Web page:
Nothing ever goes as planned, so oil and gas companies are using the IoT capabilities to be their eyes and ears in the field, consistently monitoring and analysing key data points, regardless of whether there is a human team present in the area. With IoT technologies in place, control room technicians have access to real time SCADA data on the entire production and distribution network, providing complete visibility into conditions and issues. Many oil and gas sites can be hundreds of miles from the nearest crew, so by using real time data from the digital oilfield, headquarters or remote offices can detect faults and respond quickly by resolving the issue remotely or deploying maintenance teams. At remote sites, engineers can send pipeline and oil well data for immediate diagnostics, and stay in constant contact with the control room and industry experts. They can send or receive video or images of damage, as well as speak with technicians in the control room for quick decision-making, helping to minimise production downtime.
Oil and gas companies are deploying IoT technologies along their distribution network to continuously monitor remote pipelines and oil wellheads for pressure, flow rates and other metrics in real time. Industrial IoT solutions allow the monitoring of every aspect of drilling, casing the well and completion. This data is automatically backhauled to headquarters or a remote office to give oil and gas companies full visibility and remote control of operations, helping to increase productivity and reduce downtime.
Oil is a valuable commodity, and with industrial IoT solutions in place, oil and gas companies can keep track of their fleet of road tankers regardless of location. Logistics managers can monitor the fleet and be in contact continuously with drivers, warehouses and customers awaiting delivery. This helps companies enhance their business efficiency and provides a greater level of security for the precious cargo as well as drivers.
In addition, oil and gas companies can monitor drivers’ behaviour, such as speed, breaking patterns, and more; vehicle conditions, such as tire pressure and fuel consumption; and condition of cargo, such as temperature and vapour levels. These data points help ensure drivers are complying with traffic laws, preventing them from being stopped and fined or having their vehicles impounded. If a tanker is stolen, it can easily be tracked in real time, significantly increasing the chances of its recovery.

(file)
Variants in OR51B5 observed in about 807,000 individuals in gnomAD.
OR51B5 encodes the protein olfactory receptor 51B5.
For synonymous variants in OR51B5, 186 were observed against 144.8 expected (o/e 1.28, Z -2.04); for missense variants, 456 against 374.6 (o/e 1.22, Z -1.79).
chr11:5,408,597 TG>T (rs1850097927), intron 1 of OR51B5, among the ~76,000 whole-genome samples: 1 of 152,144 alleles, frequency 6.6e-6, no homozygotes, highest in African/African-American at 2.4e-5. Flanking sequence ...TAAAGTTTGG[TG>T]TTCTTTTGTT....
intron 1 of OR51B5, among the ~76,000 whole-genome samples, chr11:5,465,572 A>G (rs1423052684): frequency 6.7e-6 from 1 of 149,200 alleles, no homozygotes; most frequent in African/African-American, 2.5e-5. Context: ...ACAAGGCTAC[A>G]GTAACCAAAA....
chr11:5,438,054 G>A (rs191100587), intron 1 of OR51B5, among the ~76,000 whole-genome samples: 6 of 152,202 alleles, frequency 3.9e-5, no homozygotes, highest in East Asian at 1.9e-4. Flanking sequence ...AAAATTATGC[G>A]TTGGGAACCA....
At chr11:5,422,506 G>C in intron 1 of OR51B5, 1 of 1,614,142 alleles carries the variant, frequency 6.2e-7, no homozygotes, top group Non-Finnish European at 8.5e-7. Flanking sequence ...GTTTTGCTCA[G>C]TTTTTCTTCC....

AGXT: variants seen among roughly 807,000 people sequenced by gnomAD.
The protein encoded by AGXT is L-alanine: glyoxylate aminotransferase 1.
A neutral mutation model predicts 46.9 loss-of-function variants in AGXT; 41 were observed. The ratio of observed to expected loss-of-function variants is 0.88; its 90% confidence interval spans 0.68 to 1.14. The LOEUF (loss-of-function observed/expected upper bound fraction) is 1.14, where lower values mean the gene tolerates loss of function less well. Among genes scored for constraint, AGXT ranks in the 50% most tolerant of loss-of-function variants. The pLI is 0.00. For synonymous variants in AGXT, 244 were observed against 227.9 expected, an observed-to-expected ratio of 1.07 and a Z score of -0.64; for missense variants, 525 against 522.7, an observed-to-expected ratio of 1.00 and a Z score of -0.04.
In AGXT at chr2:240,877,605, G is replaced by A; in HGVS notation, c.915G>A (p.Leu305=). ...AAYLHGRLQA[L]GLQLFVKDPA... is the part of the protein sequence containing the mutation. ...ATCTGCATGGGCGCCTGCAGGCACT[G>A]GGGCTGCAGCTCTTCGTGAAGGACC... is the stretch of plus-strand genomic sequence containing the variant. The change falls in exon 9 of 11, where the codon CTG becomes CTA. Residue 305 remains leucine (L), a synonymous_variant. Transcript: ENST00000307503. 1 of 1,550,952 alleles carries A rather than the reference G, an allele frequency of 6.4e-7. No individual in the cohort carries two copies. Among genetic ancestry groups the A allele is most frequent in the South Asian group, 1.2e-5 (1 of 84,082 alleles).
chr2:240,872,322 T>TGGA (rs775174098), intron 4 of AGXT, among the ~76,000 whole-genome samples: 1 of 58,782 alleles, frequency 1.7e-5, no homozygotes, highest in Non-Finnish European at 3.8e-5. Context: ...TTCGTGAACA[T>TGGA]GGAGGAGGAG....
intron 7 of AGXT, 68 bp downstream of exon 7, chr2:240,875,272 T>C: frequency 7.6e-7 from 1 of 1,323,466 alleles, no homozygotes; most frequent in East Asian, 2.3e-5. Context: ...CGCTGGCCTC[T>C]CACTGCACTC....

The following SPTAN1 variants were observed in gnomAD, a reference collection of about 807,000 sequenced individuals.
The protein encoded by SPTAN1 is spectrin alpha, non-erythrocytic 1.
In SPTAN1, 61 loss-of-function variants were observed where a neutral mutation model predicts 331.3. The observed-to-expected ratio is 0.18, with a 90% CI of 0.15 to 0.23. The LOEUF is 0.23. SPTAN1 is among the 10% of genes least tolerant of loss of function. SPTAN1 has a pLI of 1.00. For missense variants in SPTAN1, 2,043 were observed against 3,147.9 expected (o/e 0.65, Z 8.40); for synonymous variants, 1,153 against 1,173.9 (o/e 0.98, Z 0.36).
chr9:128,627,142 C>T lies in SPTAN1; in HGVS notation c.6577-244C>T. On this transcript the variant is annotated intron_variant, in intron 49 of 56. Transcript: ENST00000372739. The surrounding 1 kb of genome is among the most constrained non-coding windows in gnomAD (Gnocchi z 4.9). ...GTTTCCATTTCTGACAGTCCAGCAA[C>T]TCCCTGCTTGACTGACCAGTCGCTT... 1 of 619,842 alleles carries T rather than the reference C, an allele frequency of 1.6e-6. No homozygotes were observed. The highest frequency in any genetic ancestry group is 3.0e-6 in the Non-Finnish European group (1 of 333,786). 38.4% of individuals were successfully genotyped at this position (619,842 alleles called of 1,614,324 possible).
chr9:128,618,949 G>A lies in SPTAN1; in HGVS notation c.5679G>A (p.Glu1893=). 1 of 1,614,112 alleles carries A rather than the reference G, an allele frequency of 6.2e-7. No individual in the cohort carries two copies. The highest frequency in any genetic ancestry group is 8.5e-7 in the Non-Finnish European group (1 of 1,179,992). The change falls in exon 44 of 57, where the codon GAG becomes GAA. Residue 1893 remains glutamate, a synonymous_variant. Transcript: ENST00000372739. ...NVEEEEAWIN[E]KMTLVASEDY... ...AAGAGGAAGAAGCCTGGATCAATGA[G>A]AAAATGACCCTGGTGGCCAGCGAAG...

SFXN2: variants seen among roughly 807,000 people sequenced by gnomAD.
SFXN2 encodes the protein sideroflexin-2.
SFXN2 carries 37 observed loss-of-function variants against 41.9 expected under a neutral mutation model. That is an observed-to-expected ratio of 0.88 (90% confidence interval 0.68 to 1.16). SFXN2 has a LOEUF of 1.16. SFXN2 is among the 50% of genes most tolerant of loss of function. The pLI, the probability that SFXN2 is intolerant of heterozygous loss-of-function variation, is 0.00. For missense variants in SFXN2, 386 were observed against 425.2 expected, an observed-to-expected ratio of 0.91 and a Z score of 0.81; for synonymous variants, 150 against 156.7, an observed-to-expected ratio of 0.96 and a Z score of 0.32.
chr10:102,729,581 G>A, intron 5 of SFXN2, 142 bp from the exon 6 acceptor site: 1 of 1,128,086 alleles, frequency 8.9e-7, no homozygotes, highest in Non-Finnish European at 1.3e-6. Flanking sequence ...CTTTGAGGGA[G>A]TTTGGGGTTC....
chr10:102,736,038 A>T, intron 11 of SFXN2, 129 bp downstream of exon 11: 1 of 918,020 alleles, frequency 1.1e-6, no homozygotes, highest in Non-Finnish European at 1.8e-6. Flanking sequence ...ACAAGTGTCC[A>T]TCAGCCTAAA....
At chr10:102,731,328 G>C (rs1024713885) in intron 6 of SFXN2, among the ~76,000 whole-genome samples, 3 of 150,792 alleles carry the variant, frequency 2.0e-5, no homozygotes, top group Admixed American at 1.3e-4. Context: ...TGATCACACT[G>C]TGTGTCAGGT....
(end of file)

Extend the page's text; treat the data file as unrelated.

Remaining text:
The growing role for satellite
From looking at how the industrial IoT technologies are used above to create a digital oilfield, it is not hard to see how satellite makes a strong technology – and business – case as a key connectivity option. According to the Berg Insight report, shipments of oil and gas M2M devices featuring cellular or satellite communication capabilities reached 120 000 units worldwide in 2014. Growing at a compound annual growth rate (CAGR) of 21%, shipments are expected to reach 300 000 million units in 2019. CAGR for cellular- and satellite-based devices will be 21.1% and 20.6%, respectively, during the same period.While cellular definitely has a foothold, there are certain areas where satellite connectivity stands out:
It is not impacted by extreme weather
Satellite networks are not impacted by weather to the same extent cellular networks are. A storm at sea or a dust storm on the ground – or any other weather phenomenon – can wreak havoc on connectivity. Satellite services are impervious to most terrestrial weather conditions and can deliver highly reliable coverage 24/7/365. For example, oil and gas companies could continue drilling operations during extreme weather and still be assured their data is making its way back to headquarters in real time.
Cellular networks can also be impacted in natural disasters because of their reliance on terrestrial infrastructure. Even some satellite solutions that operate in low earth (LEO) orbit are subject to disruptions from weather. However, satellite connectivity from a constellation in geosynchronous (GEO) orbit offers the best solution for the oil and gas industry, free from weather disruptions and terrestrial constraints.
It is literally available everywhere
Oil and gas operations are generally located in some of the most remote areas of the world, far out of the reach of terrestrial-based cellular networks. When assets need highly reliable, highly available connectivity, regardless of where they are in the world, satellite is the only connectivity option that can guarantee coverage.
It works with cellular as a multi-mode solution
Oil and gas companies do not need to rely solely on satellite to connect their IoT solutions. Devices that have both cellular and satellite connectivity capabilities are enabling oil and gas companies to achieve always-on communications between the digital oilfield and headquarters. The transition between cellular and satellite is automatic via least-cost routing; if the cellular signal is weak or drops, the device transfers automatically to its satellite connection, and back to cellular when signal strength resumes. These types of capabilities are important for crews on the move – they can focus on their jobs instead of worrying about which communications method to use at any given time.
As the oil and gas industry continues to feel the pinch of low oil prices, Industrial IoT technologies will continue to gain steam as companies look to create digital oilfields to boost productivity, while automating processes to squeeze as much cost out of the end-to-end process as possible. Safety of workers and concern for the environment in terms of avoiding a disaster are also strong drivers for IoT adoption in the industry. Satellite communications is playing a pivotal role, providing a robust, high-availability connectivity option across an oil and gas company’s business, regardless of where in the world it is.
Edited from an article written by Chuck Moseley, Inmarsat, USA
Read the article online at: https://www.oilfieldtechnology.com/special-reports/23082016/sharing-satellite-solutions/